The Plame Scandal Intersects the Yellowcake Road

TNR online’s &c has what seems like important news that no one else, as far as I can tell, has picked up. (Thanks to an alert reader for the tip):

Whoever in the White House leaked Valerie Plame’s name probably broke out into a cold sweat when Counsel Alberto Gonzalez’s second memo on compliance with the Justice Department investigation crossed their desks yesterday. The blowback from the potentially felonious leak just got exponentially more destructive for President Bush.

Let us explain. Here are the two key paragraphs from the memo:

[F]or the time period February 1, 2002 to the present, all documents, including without limitation all electronic records, telephone records of any kind (including but not limited to any records that memorialize telephone calls having been made), correspondence, computer records, storage devices, notes, memoranda, and diary and calendar entries, that relate in any way to:

1. Former U.S. Ambassador Joseph C. Wilson, his trip to Niger in February 2002, and/or his wife’s purported relationship with the Central Intelligence Agency…

Now, alert readers will remember that Robert Novak published Plame’s name in his column of July 2003. The White House counsel is telling the staff to save records about Joseph Wilson (Plame’s husband, whom the leak was designed to discredit) dating back to February 2002. That is when the CIA sends Wilson to Niger, and he in turn reports back to the CIA that intelligence reports indicating an attempted uranium purchase from Iraq were highly dubious. And, you’ll further recall, that very discredited accusation made it into the president’s State of the Union address. When news of Wilson’s trip hit the front pages in July, the White House vociferously denied that anyone working there knew at the time about Wilson’s trip. As Ari Fleischer said on July 9, “It’s known now what was not known by the White House prior to the speech.” The CIA responded by saying it communicated its doubts precisely to the Oval Office–which stands to reason, since it was a question from Vice President Dick Cheney about the uranium sale that prompted Wilson’s Niger excursion in the first place.

Now this White House we-had-no-idea line may be about to fall apart. The Justice Department will be collecting all records of White House knowledge of Wilson and his trip starting in February 2002–a year before the State of the Union. (Presumably the counsel’s office wouldn’t list this very early date unless instructed by Justice.) Documents elucidating whatever the White House knew about the unreliability of the uranium claim are about to leave the West Wing. So now the issue returns to the very questions that prompted the White House smear on Wilson (and his wife) in the first place: When did the White House know about the shakiness of the claim that Iraq was seeking Nigerien uranium? Just as importantly, who knew it?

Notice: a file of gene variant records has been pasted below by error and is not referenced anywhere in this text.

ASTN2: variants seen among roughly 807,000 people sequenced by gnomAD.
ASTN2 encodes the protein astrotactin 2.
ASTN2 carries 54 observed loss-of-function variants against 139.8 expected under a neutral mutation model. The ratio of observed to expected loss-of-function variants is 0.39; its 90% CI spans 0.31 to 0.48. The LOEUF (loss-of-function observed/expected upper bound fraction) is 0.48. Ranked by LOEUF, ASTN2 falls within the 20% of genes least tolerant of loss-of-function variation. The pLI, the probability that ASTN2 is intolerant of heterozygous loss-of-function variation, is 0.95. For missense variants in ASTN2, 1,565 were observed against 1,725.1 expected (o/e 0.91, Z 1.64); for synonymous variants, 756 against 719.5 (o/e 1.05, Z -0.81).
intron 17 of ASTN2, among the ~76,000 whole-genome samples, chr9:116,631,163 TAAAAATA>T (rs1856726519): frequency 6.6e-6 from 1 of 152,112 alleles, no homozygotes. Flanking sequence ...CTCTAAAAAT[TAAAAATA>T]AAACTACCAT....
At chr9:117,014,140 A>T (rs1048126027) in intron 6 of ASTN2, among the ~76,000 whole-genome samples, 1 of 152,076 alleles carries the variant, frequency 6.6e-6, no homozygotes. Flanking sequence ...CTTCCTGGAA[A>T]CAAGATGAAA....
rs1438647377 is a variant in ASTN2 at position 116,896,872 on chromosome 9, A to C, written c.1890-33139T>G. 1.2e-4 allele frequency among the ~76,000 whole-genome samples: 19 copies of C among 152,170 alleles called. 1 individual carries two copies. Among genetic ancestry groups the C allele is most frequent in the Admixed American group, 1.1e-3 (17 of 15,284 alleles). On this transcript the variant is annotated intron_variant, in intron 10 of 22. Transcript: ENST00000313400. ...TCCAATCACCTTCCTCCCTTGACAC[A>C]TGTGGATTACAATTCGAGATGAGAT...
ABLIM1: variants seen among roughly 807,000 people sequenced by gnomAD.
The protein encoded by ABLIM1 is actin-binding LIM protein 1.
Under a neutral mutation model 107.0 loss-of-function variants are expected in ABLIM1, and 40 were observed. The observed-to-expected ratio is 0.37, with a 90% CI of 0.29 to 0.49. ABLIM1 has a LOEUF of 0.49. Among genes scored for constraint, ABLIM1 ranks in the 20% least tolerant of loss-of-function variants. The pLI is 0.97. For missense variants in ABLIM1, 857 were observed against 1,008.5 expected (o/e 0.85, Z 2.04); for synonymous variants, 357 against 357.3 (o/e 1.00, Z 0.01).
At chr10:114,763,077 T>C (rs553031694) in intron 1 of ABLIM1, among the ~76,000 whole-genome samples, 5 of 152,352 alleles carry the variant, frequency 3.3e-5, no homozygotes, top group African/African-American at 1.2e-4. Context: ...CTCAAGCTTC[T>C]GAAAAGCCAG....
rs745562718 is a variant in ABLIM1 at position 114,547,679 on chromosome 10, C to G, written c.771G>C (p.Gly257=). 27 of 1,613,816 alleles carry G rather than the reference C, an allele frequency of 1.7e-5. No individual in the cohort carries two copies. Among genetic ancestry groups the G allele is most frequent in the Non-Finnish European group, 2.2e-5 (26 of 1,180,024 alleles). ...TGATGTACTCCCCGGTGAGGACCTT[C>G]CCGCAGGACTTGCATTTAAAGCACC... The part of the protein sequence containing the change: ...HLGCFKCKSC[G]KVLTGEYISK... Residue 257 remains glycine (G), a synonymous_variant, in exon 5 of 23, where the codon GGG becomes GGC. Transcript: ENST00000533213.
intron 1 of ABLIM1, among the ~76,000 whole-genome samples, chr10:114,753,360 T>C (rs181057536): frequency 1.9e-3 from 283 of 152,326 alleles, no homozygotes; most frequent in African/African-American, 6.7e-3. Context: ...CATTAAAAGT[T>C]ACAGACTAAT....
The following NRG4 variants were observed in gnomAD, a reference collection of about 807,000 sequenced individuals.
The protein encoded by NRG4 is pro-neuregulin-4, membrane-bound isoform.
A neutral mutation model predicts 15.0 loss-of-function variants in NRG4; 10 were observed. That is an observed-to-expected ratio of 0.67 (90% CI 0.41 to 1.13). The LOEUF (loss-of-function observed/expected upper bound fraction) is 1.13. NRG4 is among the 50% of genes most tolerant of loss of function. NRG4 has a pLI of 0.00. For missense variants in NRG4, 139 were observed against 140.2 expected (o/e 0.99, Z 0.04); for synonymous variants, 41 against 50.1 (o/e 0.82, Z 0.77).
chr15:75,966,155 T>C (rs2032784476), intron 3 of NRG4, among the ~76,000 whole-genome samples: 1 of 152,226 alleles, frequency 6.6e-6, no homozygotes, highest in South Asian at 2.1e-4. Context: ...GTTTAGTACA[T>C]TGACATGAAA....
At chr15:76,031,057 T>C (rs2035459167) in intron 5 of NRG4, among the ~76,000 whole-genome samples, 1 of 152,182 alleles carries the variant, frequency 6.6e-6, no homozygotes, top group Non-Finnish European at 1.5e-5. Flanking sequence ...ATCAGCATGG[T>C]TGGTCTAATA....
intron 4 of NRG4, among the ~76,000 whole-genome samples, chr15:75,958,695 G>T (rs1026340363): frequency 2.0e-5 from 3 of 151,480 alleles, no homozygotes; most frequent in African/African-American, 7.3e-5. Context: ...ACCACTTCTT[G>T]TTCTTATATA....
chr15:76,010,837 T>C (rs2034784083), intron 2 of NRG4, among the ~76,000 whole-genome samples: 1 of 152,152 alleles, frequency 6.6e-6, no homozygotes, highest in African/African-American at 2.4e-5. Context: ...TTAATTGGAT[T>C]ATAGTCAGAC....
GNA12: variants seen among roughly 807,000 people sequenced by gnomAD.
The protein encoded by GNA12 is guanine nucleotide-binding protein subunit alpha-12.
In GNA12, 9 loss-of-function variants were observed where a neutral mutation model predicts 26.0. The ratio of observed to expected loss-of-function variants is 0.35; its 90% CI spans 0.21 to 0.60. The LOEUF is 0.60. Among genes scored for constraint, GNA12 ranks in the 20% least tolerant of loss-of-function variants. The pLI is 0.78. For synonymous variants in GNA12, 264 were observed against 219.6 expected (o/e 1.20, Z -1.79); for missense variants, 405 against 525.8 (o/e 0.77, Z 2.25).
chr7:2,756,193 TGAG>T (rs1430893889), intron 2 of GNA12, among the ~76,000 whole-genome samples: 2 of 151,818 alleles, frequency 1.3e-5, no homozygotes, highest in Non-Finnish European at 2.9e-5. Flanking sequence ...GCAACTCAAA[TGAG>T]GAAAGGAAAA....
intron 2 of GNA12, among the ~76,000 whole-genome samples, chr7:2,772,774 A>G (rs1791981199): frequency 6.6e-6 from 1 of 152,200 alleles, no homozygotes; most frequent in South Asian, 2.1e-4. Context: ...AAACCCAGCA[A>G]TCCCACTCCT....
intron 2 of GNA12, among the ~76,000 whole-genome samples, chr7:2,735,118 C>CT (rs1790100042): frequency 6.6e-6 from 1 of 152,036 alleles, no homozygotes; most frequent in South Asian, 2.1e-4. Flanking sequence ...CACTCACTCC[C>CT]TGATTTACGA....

It’s obviously unclear whether any of these West Wing e-mails, telephone conversations, notes, memos, etc., dealing with Wilson’s Niger trip will be made public at the investigation’s close. But reporters should be pressing DoJ to learn as much about them as possible. In the meantime, we suppose we’ll have to rely on, well, leaks.

The loss of those two Senate seats is looking more disastrous with every passing day. Can you imagine the hearings that might be coming out of this if there were someone to hold them? On the other hand, holding all the Senate Republicans firm behind the White House may not be that easy. Thursday’s NY Times lists four the White House is nervous about: McCain, Lugar, Hagel, and Warner. Snow, Collins, Chafee, and Specter also might bear watching. That gives the Democrats hope.

Author: Mark Kleiman

Professor of Public Policy at the NYU Marron Institute for Urban Management and editor of the Journal of Drug Policy Analysis. Teaches about the methods of policy analysis about drug abuse control and crime control policy, working out the implications of two principles: that swift and certain sanctions don't have to be severe to be effective, and that well-designed threats usually don't have to be carried out. Books: Drugs and Drug Policy: What Everyone Needs to Know (with Jonathan Caulkins and Angela Hawken) When Brute Force Fails: How to Have Less Crime and Less Punishment (Princeton, 2009; named one of the "books of the year" by The Economist Against Excess: Drug Policy for Results (Basic, 1993) Marijuana: Costs of Abuse, Costs of Control (Greenwood, 1989) UCLA Homepage Curriculum Vitae Contact: